How gun advertising in America has changed since the 1950s

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There are many reasons why so many Americans seem to be so uniquely enamored with owning so many firearms.

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At least one of the causes must be gun advertising, which has changed over time to reflect the national mood and atmosphere.

Post-war America was a time to buy a car and a house and start the perfect family. Advertisers positioned gun ownership as a way to get your family a little closer to perfect. And advertisers and manufacturers started after young children, according to Der Spiegel.

Indeed, many of those in the US who vehemently insist on their right to own guns were shaped by such ads when they were growing up. And they clearly show the nonchalance with which Americans then and, to a large degree, now approached weapons.

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Take the above advertisement for a Winchester 22 rifle from the 1950s. It could be from a never-before-aired episode of Leave It To Beaver. In it, fathers are implored to pass on the tradition of gun ownership, based on the memory of gun ownership, to their young sons. It calls on fathers to recall their first gun memories: "Remember when you lifted your first Winchester out of the box and put it together with excited, hurrying hands?"

In fact, kids—and being a responsible parent—came up time and time again in 1940s and 1950s advertising for guns.

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This ad for the Iver Johnson revolver even comes with the assurance that your kids won't accidentally shoot themselves: "Absolutely safe" and "Accidental Discharge Impossible."

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And of course, since "sex sells" isn't exactly radical thinking…

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"Give more than a thrill"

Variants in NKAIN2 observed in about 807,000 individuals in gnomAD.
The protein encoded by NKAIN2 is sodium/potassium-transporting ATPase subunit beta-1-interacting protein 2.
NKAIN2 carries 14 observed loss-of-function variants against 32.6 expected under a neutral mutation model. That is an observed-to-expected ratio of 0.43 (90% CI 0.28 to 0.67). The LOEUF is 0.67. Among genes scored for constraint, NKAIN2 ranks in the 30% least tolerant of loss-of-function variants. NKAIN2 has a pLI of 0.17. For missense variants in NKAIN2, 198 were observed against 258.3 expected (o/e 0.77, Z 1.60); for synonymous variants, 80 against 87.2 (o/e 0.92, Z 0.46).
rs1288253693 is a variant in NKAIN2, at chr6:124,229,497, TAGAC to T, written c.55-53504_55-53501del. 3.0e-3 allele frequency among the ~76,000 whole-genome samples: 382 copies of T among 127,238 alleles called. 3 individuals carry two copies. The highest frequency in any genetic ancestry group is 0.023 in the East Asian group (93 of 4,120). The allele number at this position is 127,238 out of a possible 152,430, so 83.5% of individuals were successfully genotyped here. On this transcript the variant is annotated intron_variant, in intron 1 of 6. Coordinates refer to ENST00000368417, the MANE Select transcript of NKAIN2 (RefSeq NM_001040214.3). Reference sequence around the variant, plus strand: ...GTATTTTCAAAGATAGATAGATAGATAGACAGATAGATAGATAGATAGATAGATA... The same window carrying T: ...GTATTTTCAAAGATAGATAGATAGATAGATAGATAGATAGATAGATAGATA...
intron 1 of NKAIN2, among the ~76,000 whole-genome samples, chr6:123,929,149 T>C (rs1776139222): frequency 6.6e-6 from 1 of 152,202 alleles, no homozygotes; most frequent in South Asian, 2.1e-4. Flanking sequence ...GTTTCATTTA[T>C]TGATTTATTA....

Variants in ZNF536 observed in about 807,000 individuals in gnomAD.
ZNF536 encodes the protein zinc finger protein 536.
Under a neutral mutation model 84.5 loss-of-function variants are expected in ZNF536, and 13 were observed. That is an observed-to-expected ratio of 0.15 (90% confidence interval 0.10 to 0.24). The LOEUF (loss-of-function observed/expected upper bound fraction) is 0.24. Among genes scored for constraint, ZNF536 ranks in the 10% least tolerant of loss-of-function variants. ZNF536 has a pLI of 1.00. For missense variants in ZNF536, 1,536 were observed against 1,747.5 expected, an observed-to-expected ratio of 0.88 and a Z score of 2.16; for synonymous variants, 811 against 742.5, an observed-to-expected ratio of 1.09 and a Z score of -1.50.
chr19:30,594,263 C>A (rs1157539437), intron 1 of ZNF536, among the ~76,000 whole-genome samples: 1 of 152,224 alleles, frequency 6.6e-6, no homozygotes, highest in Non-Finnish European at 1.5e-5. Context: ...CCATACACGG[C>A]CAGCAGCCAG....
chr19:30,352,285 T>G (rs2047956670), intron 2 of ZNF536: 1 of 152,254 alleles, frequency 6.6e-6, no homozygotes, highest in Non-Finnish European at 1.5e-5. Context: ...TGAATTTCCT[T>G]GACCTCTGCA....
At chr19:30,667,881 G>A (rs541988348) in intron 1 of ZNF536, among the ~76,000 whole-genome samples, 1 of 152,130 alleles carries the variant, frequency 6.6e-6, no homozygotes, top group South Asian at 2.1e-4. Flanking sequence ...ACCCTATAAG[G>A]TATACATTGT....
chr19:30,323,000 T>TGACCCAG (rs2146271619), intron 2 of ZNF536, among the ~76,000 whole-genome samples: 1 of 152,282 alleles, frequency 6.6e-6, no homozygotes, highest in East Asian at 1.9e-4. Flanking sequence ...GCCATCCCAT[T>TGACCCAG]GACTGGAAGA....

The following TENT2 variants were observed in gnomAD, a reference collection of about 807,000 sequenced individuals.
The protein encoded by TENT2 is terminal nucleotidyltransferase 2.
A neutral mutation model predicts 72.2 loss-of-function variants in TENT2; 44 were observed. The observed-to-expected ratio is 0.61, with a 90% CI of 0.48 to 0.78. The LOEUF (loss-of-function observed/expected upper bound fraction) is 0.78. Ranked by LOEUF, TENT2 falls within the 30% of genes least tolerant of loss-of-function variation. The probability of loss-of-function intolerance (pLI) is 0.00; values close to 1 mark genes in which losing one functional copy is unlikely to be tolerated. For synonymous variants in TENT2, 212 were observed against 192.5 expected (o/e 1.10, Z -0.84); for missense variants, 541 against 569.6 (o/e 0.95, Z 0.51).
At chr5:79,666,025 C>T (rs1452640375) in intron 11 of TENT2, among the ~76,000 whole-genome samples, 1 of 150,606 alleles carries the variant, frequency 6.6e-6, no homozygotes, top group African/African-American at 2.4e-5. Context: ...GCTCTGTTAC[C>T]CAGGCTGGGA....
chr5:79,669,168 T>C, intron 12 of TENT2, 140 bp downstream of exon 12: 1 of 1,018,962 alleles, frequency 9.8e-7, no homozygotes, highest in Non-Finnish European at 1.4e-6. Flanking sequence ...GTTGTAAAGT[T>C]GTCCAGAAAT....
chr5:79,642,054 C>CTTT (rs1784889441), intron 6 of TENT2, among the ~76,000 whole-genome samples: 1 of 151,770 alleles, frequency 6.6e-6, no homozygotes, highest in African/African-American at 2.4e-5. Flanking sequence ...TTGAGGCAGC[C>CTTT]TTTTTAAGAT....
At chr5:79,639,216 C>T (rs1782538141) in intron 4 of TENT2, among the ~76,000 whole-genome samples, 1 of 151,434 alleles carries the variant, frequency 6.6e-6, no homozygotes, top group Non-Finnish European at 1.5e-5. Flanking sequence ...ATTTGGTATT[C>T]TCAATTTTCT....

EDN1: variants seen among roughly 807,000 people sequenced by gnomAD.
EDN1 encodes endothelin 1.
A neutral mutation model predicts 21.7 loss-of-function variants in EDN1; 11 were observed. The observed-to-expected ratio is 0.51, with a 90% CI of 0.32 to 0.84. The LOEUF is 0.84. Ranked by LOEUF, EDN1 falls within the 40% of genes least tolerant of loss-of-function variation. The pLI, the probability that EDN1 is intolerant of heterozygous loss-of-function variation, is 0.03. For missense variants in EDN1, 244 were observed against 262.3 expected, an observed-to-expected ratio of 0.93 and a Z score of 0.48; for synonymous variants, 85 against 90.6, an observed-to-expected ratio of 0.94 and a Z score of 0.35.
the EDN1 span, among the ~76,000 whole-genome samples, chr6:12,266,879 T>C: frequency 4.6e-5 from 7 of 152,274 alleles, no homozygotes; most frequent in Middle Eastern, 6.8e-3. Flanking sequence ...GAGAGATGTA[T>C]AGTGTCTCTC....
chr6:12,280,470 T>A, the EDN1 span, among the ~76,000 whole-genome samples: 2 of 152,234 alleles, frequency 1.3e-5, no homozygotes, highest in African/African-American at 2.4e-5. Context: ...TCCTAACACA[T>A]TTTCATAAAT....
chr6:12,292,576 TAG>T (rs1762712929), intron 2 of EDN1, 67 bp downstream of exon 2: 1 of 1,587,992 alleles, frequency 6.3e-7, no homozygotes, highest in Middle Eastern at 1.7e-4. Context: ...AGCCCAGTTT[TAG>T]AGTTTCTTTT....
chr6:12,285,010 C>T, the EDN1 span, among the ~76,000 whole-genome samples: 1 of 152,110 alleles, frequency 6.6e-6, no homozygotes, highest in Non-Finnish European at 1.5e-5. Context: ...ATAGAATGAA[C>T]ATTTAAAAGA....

Now let's fast forward a few decades. With crime rates up, and politicians beginning to focus on inner city violence, the focus of gun advertising changes. Criminals are lurking everywhere in the 70s and 80s, so people needed to be prepared for the inevitable home invasion or carjacking.

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As women's liberation became more mainstream, suddenly there was a whole new market. A 1995 paper published in Journal of Public Policy & Marketing questioned the ethics of advertising based on fear.

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In 1991, in the journal Constitutional Law, two scholars argued that the Federal Trade Commission should ban gun ads aimed at women because their research found the ads uniquely preyed on fear and women were more likely to come to harm if they owned a gun.

In 1996, the FTC began investigating gun ads over false-advertising claims. Gun control supporters noted that guns are often not good for protection since they are in fact designed to kill. A criminologist at the time said the claims were unwarranted because victims "fend off criminals more than 2 million times annually by threatening them with guns, although weapons are fired only about 20 percent of the time and kill in only one of every 1,000 cases."

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The FTC decided not to regulate gun ads, but the issue keeps cropping up.

It's around this time that the NRA begins to act like the NRA we know and love, warning of a national conspiracy that will form to take away everyone's guns.

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The ad warns of "powerful forces—possibly well-intentioned but ill-informed—working eagerly yet relentlessly to curb and eventually abolish the hunting rights, privileges and freedoms you enjoy today."

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This brings us into the present day. According to Blue Review, a politics and media journal published by Boise State University, the gun advertisements of the 21st century have focused on new technology and anti-government sentiment. Also, that "increasingly sinister themes in gun advertising emerged during the same era that violent first-person shooter and war games came into their heyday." It's easy to sense something ominous in the ads.

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In an email, Occidental College sociology professor Dr. Lisa Wade tells me "gun makers have realized that most Americans aren't going to buy ANY guns, so their best strategy for selling more guns is to convince people that do to buy LOTS of guns." This is done by emphasizing the unique attributes that a gun has—each gun does something different than the next.

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Bushmaster came under some scrutiny for this ad because the "Adam L is just unmanly" portion appeared mere days after the Sandy Hook shoot massacre perpetuated by Adam Lanza.

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Advertising, using psychology, is designed to sell things. What gun ads tells us about ourselves, and our country, is nothing pretty.

David Matthews operates the Wayback Machine on Fusion.net—hop on. Got a tip? Email him: david.matthews@fusion.net

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